Only four days separated Victor Wembanyama from being the No. 1 overall pick in the 2022 NBA Draft. The French super prospect was born Jan. 4, 2004, just missing the age cut-off for international eligibility. Now the 2022-23 NBA season is set to offer twin prizes: the championship for teams competing at the top of the league, and the opportunity to win the rights to the best prospect to hit the draft since LeBron James for teams at the bottom of the standings.
Watching Wembanyama roam the court feels like witnessing an alien sent to Earth with the ideal package of length, skills, and athleticism to play the sport. He is listed at 7’2, 230 pounds, with a 7’9 wingspan, and that feels conservative. He has exceptional mobility for his size, not just straight line speed and lateral quickness, but also a level of agility and flexibility that is startling to see for someone with his frame. He has flashed a serious amount of skill, too, regularly splashing three-pointers, throwing eye-popping passes, and finishing plays way above the rim on both ends. The last prospect this big, this fluid, and this comfortable with the ball in his hands might be a young Kareem Abdul-Jabbar, then known as Lew Alcindor, when he entered UCLA in the mid-1960s.
Wembanyama can be anything and everything. He’s going to be an incredible rim protector on defense and lob threat on offense — but that’s just tip of the iceberg. He’s already taking and making three-pointers off movement. He’s moving the ball quickly on the perimeter as a passer. He’s wiping away entire sections of the floor defensively with the threat of his shot-blocking. Wembanyama is also beginning to show traits of self-creation, hinting at the enormous outcomes that will occur when he’s not just an elite play finisher, but also a go-to shot creator.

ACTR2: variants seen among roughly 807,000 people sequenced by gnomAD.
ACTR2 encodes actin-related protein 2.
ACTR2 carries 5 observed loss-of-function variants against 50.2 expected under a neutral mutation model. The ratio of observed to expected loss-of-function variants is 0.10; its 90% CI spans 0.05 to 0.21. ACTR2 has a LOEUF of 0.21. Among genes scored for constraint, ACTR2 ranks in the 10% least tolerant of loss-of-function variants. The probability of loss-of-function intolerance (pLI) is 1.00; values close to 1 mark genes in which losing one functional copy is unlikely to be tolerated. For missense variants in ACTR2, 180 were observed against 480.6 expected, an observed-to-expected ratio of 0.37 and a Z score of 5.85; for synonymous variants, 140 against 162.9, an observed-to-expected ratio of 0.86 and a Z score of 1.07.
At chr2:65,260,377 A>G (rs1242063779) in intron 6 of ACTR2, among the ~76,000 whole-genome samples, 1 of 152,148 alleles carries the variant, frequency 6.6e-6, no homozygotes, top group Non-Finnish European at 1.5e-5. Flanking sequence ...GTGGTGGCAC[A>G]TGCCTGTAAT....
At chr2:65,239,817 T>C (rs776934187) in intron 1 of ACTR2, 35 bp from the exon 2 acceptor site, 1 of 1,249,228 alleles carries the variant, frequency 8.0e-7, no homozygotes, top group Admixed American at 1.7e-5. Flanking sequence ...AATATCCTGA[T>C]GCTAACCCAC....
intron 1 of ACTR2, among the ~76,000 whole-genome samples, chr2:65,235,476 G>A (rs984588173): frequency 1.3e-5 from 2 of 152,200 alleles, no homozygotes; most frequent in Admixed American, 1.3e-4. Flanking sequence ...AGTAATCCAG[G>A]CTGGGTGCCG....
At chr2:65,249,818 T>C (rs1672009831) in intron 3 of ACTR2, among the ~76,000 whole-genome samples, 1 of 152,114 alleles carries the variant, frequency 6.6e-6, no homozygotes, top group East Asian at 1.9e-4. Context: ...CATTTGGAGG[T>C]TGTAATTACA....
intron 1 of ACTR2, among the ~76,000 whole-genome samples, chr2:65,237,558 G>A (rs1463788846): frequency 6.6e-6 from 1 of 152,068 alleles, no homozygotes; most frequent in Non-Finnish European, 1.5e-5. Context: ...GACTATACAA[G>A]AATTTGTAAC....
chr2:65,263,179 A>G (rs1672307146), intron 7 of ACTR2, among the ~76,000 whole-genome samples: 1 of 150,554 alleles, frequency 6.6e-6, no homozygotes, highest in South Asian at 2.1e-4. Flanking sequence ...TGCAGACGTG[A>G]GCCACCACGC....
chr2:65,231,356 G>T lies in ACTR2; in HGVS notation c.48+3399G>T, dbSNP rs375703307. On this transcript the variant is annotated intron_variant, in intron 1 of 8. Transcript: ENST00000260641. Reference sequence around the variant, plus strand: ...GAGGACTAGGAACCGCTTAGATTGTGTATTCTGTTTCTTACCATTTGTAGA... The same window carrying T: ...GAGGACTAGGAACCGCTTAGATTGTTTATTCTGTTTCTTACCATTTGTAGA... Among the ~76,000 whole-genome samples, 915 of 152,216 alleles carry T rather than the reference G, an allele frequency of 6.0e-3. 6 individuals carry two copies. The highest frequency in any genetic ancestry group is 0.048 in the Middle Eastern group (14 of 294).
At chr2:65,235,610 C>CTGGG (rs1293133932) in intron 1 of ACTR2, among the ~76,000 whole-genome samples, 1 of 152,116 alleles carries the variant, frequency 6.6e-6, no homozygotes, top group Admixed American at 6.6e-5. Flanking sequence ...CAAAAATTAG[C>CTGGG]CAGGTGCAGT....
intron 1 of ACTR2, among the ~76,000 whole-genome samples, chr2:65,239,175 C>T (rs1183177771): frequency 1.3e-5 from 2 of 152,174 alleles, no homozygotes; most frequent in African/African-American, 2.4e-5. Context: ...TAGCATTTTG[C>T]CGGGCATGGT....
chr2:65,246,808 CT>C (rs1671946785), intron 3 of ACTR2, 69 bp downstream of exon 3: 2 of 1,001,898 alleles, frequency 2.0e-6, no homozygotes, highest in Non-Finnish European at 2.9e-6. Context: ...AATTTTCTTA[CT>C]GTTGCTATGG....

At a time when the top-three finishers in MVP voting — Nikola Jokic, Joel Embiid, and Giannis Antetokounmpo — were each born and raised outside of the United States, Wembanyama is set to enter the league as basketball’s next international superstar. Teams at the bottom of the league can start crossing their fingers now. The bounce of the lottery ping pong balls has never felt so important.
Wembanyama is just 18 years old, but he’s already been showing out against pros in France’s top pro league, and in the prestigious Euroleague, for multiple seasons. This is everything you need to know about why teams around the league have been preparing for years for his entrance in the 2023 NBA Draft.
Victor Wembanyama has the tools to be an all-time rim protector
Wembanyama can be a wrecker of worlds defensively with his tools. His 7’9 wingspan will be one of the biggest in NBA history, and he’s already shown to have great burst to the ball as a shot-blocker. He’s averaged 3.8 blocks per-36 minutes since beginning his professional career. His ability to swat and deter shots on the defensive end is likely to be his most translatable skill early in his NBA career.